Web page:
The share of the population in work has hit an all-time high as the share of the workforce underemployed has hit a 14-year low. The fresh low in unemployment will bring higher interest rates, and perhaps higher wages.
Reserve Bank Governor Philip Lowe.
Why raise rates now, for the first time in more than a decade? If the Reserve Bank isn’t careful, too many more rate hikes like this might help bring on a recession.
Inflation is well outside the Reserve Bank’s target band and higher than it has been for two decades.
Of the news on prices, wages, interest rates and unemployment, only the unemployment update looks set to be positive for the Coalition.
You might be surprised to know that many unemployed Australians are not on unemployment benefits. And then came COVID – which saw a big shift in how many people were able and willing to claim.
Even the government’s pledge of 1.3 million extra jobs might not be enough to keep unemployment below 4%. The pledge ought to be the unemployment rate itself.
While everyone’s talking about Anthony Albanese’s campaign stumble, the more extraordinary thing is that unemployment is actually set to fall below 4%. A 60-year low of 3% is now within sight.
Away from the states bouncing out of lockdown, spending growth was weak. The next figures, to be released after the election, might show the economy turning down.
The case for the RBA increasing interest rates certainly exists. But it’s far less pressing than in the United States.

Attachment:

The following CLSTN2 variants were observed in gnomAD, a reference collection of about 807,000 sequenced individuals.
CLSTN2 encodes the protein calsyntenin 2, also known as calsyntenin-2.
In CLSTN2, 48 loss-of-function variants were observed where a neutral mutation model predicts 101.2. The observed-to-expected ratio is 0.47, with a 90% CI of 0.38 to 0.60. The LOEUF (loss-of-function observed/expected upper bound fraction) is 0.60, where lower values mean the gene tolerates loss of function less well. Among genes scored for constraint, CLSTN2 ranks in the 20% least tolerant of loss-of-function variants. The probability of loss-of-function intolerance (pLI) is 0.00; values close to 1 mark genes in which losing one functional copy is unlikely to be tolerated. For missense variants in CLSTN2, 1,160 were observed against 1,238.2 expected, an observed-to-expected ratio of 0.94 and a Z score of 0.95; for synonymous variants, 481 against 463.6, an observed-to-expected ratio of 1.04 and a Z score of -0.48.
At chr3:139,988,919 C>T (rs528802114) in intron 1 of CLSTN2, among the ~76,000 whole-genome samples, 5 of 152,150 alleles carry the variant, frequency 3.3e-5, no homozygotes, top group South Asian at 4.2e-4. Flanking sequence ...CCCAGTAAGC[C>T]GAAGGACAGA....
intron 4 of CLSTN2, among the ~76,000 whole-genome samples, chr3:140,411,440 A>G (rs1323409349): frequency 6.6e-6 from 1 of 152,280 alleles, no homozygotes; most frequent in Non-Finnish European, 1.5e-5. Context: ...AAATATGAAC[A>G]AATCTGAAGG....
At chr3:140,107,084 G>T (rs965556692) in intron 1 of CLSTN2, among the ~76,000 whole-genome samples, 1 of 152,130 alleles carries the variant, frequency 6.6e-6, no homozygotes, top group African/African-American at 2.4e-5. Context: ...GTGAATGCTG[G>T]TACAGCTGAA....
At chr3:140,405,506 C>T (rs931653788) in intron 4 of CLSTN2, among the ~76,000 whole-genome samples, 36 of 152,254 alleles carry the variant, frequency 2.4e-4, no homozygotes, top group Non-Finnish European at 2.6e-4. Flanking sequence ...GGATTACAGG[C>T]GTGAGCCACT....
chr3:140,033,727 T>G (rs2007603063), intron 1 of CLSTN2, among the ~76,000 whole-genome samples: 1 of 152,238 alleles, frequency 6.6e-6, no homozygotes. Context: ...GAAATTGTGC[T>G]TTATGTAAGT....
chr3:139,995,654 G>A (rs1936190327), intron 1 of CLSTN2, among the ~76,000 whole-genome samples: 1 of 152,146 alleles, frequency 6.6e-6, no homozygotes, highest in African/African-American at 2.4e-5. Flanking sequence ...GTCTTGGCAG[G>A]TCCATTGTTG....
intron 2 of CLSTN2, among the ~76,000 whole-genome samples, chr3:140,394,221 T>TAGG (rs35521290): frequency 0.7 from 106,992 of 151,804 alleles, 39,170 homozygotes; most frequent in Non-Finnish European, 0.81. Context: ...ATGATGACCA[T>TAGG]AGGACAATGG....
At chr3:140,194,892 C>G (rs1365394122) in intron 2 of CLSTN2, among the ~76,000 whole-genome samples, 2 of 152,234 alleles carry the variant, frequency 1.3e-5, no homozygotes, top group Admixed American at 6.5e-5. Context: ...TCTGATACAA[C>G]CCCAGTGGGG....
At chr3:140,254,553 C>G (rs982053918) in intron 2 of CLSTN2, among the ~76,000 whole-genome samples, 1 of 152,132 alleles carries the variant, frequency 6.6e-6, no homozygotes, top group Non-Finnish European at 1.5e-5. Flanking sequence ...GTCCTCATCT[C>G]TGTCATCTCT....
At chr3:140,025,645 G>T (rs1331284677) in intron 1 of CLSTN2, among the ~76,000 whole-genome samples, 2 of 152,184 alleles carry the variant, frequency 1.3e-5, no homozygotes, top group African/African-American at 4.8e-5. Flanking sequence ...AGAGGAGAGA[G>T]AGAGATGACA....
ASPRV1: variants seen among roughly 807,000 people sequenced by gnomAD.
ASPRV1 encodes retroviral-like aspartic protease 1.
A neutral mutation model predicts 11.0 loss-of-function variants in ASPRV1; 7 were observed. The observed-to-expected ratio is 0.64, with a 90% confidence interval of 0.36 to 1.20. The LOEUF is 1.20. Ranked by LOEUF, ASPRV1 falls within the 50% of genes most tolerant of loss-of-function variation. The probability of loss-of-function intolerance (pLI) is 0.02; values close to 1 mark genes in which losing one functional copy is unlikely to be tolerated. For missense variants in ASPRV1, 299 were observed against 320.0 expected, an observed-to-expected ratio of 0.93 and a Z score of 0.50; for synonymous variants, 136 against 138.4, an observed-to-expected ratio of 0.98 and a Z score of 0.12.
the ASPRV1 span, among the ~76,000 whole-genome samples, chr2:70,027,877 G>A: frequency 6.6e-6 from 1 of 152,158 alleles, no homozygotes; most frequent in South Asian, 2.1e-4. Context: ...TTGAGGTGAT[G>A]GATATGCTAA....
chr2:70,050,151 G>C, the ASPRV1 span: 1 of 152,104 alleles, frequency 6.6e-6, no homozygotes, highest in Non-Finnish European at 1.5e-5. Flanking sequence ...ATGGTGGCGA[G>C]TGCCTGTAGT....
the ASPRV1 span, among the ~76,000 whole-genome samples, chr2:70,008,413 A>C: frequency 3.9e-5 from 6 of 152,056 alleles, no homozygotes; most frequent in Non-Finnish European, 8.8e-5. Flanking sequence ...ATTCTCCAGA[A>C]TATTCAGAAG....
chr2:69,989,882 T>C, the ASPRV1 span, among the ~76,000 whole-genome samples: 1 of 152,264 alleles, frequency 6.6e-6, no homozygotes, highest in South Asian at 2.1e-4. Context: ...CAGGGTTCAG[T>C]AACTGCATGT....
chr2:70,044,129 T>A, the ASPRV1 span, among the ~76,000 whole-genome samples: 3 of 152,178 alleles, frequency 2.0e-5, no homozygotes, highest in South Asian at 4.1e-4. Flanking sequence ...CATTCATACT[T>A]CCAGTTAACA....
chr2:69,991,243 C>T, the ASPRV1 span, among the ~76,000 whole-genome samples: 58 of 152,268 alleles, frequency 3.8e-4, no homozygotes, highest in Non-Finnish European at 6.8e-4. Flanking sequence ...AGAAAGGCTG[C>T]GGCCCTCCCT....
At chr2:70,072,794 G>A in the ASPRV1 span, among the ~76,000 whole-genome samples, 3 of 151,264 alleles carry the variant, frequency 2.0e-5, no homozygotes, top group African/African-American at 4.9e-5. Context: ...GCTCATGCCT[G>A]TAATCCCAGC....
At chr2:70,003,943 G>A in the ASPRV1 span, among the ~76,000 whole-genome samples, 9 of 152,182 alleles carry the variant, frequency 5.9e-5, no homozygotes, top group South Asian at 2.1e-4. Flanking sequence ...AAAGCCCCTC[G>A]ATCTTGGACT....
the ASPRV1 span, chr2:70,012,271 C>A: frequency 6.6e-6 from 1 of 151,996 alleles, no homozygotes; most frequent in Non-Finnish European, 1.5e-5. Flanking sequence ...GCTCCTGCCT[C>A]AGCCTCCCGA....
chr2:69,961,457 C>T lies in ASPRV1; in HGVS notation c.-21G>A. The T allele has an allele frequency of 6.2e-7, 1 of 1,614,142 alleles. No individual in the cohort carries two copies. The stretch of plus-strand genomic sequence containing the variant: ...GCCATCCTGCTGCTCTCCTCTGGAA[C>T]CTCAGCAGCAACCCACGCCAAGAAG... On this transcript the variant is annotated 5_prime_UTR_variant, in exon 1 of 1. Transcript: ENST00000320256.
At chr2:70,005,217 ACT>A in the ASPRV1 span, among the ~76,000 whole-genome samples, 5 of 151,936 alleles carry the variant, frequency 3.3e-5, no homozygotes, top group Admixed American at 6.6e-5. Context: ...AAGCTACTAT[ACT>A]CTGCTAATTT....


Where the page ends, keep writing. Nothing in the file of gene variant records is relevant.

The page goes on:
Australia’s Consumer Price Index rose 1.3% in the three months to December, bringing inflation for the 2021 year to 3.5%.
Looking beyond the latest quarterly GDP figures, the truth is we’re getting better off more slowly than before.
Even now much of the recovery in employment seems to be happening without big wage increases.
Bianca De Marchi/AAP
The drop in Australia’s unemployment rate in August is not a sign of improving labour market conditions. Instead it shows many gave up on looking for a job.
When low-wage workers lose jobs the average wage goes up. There’s a better measure, but we’re not using it.
Australia’s first ‘land account’ is a great example of the nation’s environmental policy culture: we develop or adopt good ideas, but then tinker with, or even discard them.
The Australian Bureau of Statistics is doing what it can to push back against lobby groups’ over-inflated claims of job creation — but it can’t stop people misusing its figures.
Blue Planet Studio/Shutterstock
Businesses won’t employ more people unless they are prepared to invest. Figures out on Thursday suggest they are.
Australia’s official unemployment rate falling to 5.5% is enough to make a treasurer dance. But we shouldn’t get too carried away.
This government has known more about the granular detail of the crisis than any government in any crisis before it.
James Ross / AAP
The COVID-19 pandemic has highlighted how much modern societies are governed by statistics. Despite their objective appearance, these numbers gain their strength from very human relationships.